•·        5722JV1 Option 6 - Java Developer Kit 1.4

•·        5722JV1 Option 7 - Java Developer Kit 5.0

•·        5722JV1 Option 8 - J2SE 5.0 32 bit

•·        5722DG1 - IBM HTTP Server for i5/OS

•·        5722JC1 - IBM Toolbox for Java

•·        PTFs - SI29102 and SI29567 are required for Integrated

•·        Application Server 7.1 enablement, which DB2 Web Query uses

 

Oops, looks like there are actually a few more PTFs to install: SI27813, SI27814, and SI28336.

Note: After PTFs are applied, the HTTP ADMIN server must be ended and restarted before installing DB2 Web Query:

 

ENDTCPSVR SERVER(*HTTP) HTTPSVR(*ADMIN)

STRTCPSVR SERVER(*HTTP) HTTPSVR(*ADMIN)

 

Okey dokey, so that's all done, and you're now ready to proceed to the good stuff. So you go to IBM DB2 Web Query for System i V1R1MO Install Instructions, and there you'll find both good news and bad news. The good news is that there are only six steps. The bad news is that those six steps take eight pages to explain. There are issues of language code page, issues of registering all your users, and issues of setting the default numeric formatting or doing your own thing with custom settings. Then there are the currency and date format issues. And finally, there is a code-page mapping-table appendix to help you get straightened out if you ran the translation services generation utility and somehow picked the wrong code page.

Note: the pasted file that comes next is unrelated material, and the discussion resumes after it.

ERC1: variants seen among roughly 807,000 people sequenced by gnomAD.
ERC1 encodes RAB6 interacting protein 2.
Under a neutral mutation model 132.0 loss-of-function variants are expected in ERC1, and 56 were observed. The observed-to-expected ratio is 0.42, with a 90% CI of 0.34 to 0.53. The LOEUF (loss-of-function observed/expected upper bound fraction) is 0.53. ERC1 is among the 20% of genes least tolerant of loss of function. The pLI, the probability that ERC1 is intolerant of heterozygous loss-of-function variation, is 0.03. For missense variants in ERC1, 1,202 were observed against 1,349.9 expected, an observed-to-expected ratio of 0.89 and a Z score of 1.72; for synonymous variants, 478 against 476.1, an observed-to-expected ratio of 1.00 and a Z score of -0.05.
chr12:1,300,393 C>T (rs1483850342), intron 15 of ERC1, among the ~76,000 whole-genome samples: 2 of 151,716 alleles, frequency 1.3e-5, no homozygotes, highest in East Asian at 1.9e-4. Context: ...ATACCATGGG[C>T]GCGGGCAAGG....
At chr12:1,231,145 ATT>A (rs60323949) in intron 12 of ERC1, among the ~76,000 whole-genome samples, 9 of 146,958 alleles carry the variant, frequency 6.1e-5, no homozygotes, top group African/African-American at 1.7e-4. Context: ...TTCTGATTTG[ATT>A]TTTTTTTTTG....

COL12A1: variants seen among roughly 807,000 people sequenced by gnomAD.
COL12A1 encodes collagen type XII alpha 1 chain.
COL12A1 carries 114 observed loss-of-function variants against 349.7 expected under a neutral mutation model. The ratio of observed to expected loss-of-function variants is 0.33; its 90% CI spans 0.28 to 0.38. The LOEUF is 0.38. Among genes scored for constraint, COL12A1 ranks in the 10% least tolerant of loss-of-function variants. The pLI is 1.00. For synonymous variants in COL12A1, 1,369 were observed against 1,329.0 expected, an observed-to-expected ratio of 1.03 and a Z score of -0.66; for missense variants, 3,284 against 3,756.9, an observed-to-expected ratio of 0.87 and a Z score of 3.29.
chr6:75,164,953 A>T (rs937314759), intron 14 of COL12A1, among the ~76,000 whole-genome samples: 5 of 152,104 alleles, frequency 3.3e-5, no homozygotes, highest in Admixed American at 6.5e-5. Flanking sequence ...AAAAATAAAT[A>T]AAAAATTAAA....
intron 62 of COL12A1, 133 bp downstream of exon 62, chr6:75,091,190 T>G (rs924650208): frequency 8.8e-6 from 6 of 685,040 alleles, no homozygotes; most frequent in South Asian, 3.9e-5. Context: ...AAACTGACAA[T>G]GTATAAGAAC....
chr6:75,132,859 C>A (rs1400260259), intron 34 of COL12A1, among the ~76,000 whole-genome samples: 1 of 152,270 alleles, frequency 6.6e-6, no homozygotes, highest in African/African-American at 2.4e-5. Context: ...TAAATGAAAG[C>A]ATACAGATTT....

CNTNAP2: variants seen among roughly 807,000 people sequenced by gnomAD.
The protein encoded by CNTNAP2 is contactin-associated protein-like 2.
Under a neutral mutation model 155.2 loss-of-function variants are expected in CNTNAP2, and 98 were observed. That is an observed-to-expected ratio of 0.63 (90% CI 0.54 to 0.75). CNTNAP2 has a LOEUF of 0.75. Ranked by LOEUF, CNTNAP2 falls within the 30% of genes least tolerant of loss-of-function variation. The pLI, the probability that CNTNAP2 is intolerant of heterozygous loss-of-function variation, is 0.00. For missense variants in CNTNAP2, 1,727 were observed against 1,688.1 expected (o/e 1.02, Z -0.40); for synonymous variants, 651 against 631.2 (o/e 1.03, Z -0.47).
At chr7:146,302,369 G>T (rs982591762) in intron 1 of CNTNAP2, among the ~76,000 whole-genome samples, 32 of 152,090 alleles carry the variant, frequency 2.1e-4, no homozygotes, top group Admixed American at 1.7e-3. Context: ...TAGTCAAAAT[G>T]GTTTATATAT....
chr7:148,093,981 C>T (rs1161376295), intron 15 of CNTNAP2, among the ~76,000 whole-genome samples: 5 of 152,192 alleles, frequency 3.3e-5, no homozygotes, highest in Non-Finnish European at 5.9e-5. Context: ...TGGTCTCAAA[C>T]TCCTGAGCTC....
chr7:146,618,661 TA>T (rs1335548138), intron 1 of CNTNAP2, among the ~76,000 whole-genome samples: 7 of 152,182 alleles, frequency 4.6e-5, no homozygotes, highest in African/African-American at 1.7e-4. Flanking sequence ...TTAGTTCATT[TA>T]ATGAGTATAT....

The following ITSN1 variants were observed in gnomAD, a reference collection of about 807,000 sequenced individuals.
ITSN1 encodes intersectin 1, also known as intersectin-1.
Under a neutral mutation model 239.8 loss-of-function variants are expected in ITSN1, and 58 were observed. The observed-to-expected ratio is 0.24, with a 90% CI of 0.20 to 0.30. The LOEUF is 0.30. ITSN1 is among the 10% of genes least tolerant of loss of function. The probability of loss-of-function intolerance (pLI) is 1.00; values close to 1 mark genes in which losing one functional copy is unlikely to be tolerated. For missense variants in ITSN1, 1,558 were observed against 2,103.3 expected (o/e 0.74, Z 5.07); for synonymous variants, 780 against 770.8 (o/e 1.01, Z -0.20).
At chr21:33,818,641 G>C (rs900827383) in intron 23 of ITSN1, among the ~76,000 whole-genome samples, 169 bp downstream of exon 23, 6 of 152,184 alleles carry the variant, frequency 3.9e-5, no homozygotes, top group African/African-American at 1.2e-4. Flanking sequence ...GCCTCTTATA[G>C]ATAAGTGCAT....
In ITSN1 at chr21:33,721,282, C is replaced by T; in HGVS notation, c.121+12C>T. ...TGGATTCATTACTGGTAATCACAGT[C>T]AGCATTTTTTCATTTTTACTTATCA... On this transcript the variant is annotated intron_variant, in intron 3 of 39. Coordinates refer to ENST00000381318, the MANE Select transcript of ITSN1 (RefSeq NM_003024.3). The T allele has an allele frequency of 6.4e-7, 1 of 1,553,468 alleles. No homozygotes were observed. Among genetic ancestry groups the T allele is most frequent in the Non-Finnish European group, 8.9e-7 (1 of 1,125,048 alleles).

Hey, it's not brain surgery. It's just loading software. But will it work after the installation? Well, actually, perhaps not, because now you have to apply a few more PTFs to DB2 Web Query itself. Here is a list of those PTFs (as of 1/24/08, but check for a later version).